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Nancy U. Lin, MD
Associate Professor of Medicine, Harvard Medical School
Clinical Director, Breast Oncology Center
Dana-Farber Cancer Institute
Seeking strategies to prevent and treat breast cancers metastasis to the brain and to unravel the mechanisms leading to drug resistance in metastatic breast cancer.
Laboratory and clinical studies are employed in the development and testing of new therapies and combination approaches to prevent metastasis and improve response to targeted therapies.
These studies are advancing the clinical evaluation of much needed systemic treatment options for patient with breast cancer brain metastasis.
Despite the high frequency of brain metastases, especially in patients with advanced HER2-positive or triple-negative breast cancer, there are currently no FDA-approved systemic treatments for this problem. The standard of care for brain metastasis, as it has been for many decades, is radiation therapy (and surgery in select patients).
Systemic treatments hold the promise of treating tumors in both the brain and body, and potentially delaying or even preventing brain metastases from occurring. The team of Drs. Lin, Winer, and Zhao is leading a multi-pronged effort to evaluate new systemic approaches in patients with brain metastases from breast cancer, including the development of laboratory models to test promising treatments, followed by translation into clinical trials.
Several agents, including tucatinib and neratinib, have demonstrated encouraging preliminary evidence of activity, with studies ongoing and/or planned to follow up on these observations. This year, new combinations will be tested in the clinic, including further exploration of CDK4/6 inhibitors and immunotherapy-based approaches.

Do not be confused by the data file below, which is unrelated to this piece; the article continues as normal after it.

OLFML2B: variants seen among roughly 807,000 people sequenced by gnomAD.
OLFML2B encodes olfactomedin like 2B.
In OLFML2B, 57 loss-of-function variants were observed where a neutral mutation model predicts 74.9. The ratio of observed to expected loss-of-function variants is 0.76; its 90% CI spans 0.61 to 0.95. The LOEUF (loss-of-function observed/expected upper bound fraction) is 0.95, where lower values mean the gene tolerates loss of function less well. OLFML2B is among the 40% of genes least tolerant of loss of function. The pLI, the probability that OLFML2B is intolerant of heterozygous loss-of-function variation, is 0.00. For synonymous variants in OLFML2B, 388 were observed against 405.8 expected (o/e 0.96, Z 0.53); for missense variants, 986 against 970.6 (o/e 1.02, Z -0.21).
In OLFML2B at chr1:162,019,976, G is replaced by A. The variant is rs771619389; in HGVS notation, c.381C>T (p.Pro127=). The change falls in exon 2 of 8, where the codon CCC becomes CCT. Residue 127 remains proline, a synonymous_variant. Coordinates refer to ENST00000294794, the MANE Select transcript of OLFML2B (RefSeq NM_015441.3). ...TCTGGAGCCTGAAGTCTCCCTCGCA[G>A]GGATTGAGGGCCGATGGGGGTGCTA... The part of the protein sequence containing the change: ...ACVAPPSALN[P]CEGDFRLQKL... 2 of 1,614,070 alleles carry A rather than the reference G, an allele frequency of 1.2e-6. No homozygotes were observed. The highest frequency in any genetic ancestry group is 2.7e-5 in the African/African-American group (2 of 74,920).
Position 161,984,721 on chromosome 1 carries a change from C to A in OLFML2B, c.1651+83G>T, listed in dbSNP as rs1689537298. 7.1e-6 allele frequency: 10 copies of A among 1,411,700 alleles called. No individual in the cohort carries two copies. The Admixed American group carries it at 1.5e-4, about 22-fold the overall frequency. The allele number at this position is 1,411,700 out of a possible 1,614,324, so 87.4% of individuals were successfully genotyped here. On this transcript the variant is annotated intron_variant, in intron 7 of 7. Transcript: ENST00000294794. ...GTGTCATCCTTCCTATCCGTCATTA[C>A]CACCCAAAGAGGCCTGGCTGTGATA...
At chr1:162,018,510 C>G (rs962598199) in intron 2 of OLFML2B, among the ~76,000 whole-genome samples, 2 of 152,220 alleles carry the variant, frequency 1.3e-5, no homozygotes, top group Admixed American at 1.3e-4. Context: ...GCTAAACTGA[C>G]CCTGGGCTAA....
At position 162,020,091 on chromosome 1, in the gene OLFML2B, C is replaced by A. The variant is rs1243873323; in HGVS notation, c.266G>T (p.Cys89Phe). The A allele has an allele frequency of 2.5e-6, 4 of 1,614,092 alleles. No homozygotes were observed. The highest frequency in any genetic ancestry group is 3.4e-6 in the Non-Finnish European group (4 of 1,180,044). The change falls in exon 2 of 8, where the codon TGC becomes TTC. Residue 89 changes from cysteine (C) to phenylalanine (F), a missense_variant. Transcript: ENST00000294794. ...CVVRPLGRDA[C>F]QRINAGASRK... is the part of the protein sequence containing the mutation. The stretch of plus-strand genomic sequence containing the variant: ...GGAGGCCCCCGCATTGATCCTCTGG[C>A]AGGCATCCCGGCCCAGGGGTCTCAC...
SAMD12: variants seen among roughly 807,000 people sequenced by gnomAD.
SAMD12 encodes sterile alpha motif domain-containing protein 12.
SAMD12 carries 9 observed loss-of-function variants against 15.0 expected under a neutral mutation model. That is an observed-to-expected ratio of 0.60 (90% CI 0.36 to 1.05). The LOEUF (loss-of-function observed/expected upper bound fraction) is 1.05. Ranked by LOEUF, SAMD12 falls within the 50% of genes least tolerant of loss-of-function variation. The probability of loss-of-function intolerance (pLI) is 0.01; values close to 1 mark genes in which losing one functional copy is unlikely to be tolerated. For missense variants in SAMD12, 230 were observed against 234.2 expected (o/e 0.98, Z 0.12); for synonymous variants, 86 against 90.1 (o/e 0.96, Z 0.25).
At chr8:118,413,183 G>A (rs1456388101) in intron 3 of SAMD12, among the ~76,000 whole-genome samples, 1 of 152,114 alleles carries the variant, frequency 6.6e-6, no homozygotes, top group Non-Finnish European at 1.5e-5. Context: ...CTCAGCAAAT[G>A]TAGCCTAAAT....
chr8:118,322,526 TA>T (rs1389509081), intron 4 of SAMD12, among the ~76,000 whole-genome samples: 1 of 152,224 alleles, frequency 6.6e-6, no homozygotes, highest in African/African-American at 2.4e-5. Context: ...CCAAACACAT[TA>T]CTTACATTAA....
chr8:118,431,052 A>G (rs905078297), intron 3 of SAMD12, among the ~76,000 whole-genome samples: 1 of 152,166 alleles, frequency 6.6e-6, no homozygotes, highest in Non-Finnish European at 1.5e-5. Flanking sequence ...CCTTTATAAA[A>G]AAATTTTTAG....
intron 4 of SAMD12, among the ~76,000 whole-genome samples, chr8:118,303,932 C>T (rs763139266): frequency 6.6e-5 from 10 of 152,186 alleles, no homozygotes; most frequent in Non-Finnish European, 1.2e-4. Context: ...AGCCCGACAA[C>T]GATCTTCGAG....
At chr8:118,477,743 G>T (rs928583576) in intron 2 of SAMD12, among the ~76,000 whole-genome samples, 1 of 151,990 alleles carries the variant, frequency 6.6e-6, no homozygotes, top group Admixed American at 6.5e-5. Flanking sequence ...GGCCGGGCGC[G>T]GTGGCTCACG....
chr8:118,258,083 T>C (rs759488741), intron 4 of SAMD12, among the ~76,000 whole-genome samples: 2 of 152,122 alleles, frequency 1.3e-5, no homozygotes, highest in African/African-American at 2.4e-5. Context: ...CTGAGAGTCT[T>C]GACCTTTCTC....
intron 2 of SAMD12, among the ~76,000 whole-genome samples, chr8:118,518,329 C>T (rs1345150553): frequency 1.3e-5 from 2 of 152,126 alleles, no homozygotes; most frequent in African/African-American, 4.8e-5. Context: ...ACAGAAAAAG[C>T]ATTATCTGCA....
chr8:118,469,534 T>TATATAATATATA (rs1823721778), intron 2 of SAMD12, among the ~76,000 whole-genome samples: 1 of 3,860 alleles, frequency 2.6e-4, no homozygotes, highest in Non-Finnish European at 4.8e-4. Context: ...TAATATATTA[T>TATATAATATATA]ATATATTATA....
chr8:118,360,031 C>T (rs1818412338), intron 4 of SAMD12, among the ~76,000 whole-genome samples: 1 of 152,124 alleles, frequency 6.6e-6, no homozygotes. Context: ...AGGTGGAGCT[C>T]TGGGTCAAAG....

Overall, the team's work represents the largest broad-based effort to evaluate new systemic options in patients with brain metastases from breast cancer.
Drs. Lin and Winer continue to expand the EMBRACE research study. Over 1,700 patients have been enrolled and, in collaboration with the Broad Institute, a subset of patients will have detailed analysis of circulating tumor DNA in blood and analysis of tumor tissue. These efforts will provide clues to drug resistance.
The hope is that by developing a better understanding of resistance mechanisms, they can identify and prioritize the pathways that are most critical in developing the next generation of treatment strategies.
Dr. Lin is a medical oncologist at Dana-Farber Cancer Institute (DFCI) and Assistant Professor of Medicine at Harvard Medical School. Dr. Lin received her medical degree at Harvard Medical School and subsequently completed her residency in Internal Medicine at Brigham & Women's Hospital and a fellowship in Hematology/Oncology at Dana-Farber/Partners Cancer Care. Since 2012, she has served as Clinical Director of the Breast Oncology Center at DFCI.
Dr. Lin's focus is on developing novel targeted therapies for patients with advanced breast cancer and exploring mechanisms of drug resistance, with a particular interest in patients with breast cancer that has metastasized to the brain. Dr. Lin is leading multiple ongoing and planned clinical trials evaluating a variety of targeted approaches in patients with metastatic breast cancer. Her work is highly collaborative and involves close working relationships with clinicians, laboratory investigators, and patient advocates. Dr. Lin's honors and awards include a Young Investigator Award and Career Development Award from the American Society of Clinical Oncology. She is a member of the Massachusetts Medical Society, American Society of Clinical Oncology, Alliance for Clinical Trials in Oncology, and Translational Breast Cancer Research Consortium.